This study used a systematic random sampling technique. To get the sampling frame of the sample, we gave coding for each number households practicing polygamy marriage. There were 1692 households who practiced polygamy and living in the Gedeo zone. To calculate Kth interval, we used the formula (N/n), where N = Total number of population and n = required sample. Kth interval = (1692/423 = 4th) and include all samples by counting every 4th interval.

Study variables

Dependent/out-come variable.

Suicidal behavior (Yes/No)

Independent variables.

Socio-demographic variables. Age, educational status, employment, residence, husband work, wife’s house and religion.

Marriage and psycho-social variables: Duration of marriage, number of wives at a time, distance of the two wife’s house, family size, social support, and duration of marriage.

Data collection and instruments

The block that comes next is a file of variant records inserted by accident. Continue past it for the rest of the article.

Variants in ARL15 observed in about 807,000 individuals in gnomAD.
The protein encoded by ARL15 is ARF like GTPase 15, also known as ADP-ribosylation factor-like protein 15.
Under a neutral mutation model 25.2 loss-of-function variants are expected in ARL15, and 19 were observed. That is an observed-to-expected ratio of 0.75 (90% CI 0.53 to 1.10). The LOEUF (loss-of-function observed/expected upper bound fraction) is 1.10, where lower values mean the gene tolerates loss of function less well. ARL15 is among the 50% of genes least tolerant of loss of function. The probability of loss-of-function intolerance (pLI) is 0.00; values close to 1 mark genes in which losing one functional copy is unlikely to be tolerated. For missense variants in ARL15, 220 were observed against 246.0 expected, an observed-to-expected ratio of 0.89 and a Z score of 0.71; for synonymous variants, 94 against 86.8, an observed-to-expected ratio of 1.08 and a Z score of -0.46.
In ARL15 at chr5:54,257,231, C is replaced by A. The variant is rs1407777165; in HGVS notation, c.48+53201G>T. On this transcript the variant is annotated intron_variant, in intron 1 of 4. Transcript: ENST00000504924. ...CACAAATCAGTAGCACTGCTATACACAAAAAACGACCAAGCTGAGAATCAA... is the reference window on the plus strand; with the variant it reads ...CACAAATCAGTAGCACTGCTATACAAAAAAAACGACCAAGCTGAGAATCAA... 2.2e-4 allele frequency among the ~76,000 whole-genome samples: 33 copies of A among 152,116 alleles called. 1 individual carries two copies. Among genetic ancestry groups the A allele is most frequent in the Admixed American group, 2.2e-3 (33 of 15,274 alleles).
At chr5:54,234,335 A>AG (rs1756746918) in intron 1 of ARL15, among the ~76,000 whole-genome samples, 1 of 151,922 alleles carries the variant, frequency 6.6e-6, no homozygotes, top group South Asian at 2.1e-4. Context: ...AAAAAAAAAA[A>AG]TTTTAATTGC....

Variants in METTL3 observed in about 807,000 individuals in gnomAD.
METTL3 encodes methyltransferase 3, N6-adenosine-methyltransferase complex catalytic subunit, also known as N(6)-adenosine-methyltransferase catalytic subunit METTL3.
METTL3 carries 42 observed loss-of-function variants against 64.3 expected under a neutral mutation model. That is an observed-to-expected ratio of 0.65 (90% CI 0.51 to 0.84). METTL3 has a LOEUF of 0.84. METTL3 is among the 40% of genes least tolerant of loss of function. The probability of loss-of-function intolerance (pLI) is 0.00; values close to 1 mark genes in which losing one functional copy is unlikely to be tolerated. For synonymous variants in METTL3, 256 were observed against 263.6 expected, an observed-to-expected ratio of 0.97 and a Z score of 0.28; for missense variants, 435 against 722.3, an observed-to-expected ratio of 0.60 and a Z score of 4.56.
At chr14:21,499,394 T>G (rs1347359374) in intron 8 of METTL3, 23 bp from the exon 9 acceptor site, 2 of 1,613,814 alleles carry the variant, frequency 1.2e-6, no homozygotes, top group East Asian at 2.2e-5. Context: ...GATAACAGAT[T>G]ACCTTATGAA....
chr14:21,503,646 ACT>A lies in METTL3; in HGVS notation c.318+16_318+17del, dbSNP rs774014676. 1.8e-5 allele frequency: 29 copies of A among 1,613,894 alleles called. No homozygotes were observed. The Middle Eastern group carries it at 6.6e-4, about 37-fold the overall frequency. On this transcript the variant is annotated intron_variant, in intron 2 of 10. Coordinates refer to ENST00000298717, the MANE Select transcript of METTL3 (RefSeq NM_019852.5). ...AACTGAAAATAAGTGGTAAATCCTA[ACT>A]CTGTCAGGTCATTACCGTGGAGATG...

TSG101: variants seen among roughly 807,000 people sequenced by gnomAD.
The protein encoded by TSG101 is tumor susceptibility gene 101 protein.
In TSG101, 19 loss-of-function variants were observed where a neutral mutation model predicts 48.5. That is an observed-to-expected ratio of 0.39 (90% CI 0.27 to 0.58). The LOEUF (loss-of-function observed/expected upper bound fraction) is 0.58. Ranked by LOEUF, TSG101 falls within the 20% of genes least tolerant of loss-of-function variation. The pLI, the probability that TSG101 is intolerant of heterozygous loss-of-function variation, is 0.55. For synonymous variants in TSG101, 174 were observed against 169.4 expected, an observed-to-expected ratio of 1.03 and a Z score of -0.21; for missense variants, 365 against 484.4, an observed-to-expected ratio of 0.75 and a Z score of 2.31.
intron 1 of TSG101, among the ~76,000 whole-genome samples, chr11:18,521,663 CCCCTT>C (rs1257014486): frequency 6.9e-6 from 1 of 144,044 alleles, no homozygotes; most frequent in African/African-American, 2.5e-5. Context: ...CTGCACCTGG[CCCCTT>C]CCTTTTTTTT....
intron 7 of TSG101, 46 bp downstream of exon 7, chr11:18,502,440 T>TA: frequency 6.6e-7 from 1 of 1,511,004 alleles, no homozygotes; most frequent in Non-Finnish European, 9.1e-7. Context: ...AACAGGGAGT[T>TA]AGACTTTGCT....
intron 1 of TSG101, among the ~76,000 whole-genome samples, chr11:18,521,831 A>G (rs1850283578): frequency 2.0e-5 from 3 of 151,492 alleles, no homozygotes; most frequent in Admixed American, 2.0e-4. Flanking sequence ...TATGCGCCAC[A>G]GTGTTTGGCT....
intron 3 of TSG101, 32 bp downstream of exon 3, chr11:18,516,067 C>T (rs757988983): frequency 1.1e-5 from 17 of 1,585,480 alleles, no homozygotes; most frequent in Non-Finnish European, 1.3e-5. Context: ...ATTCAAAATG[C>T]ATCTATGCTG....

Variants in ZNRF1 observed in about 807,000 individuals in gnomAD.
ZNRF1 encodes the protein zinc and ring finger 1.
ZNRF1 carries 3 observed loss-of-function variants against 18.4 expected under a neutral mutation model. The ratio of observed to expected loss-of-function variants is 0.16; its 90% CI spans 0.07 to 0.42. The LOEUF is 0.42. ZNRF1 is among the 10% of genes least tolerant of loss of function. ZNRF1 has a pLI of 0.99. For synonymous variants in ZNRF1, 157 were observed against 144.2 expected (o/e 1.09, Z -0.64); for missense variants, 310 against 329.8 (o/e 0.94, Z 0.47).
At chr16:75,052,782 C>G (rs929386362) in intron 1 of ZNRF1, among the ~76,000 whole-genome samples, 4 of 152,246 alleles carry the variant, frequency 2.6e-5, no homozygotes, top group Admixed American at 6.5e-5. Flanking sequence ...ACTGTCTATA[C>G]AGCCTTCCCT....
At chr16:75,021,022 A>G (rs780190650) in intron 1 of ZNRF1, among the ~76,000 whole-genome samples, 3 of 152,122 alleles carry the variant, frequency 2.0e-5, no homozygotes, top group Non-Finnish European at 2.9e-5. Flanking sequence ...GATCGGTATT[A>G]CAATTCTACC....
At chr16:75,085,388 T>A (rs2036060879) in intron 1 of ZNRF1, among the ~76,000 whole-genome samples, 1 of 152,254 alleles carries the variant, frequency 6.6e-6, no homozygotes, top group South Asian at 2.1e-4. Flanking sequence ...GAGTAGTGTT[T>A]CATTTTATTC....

The data was collected by ten health extension staffs who are working in the zonal health center. The data collection method was structured interview technique. The first part of the questionnaire was about the socio-demographic characteristics of the respondents. The second part of the questioner was suicidal behavioral revised questionnaire (SBQ-R) used to assess suicidal behavior of the respondents related to polygamy marriage, and a score ≥ of 7/18 considered as suicidal behavior [23]. The tool has 93% sensitivity and 95% specificity. The third part of a questionnaire was Intimate Partner Violence (IPV) used to measure intimate partner violence and score > 10/25 classified as intimate partner violence [24]. The fourth part of the questionnaire was the Patient Health Questionnaire (PHQ)−9 tool used to assess depression, and a score > 10/21 said to have depression [25]. The final part of the questionnaire was the Oslo social support scale (Oslo -3) used to measure social support levels from participants friends, neighbors and bloody families. This measurement has been used in both clinical and population-based studies with good internal consistency. In the present study, the tool has Cronbach alpha of 0.87. The total score ranging from 3 to 14 and classified as poor (3–8), moderate (9–11), and strong social support (12–14) [26].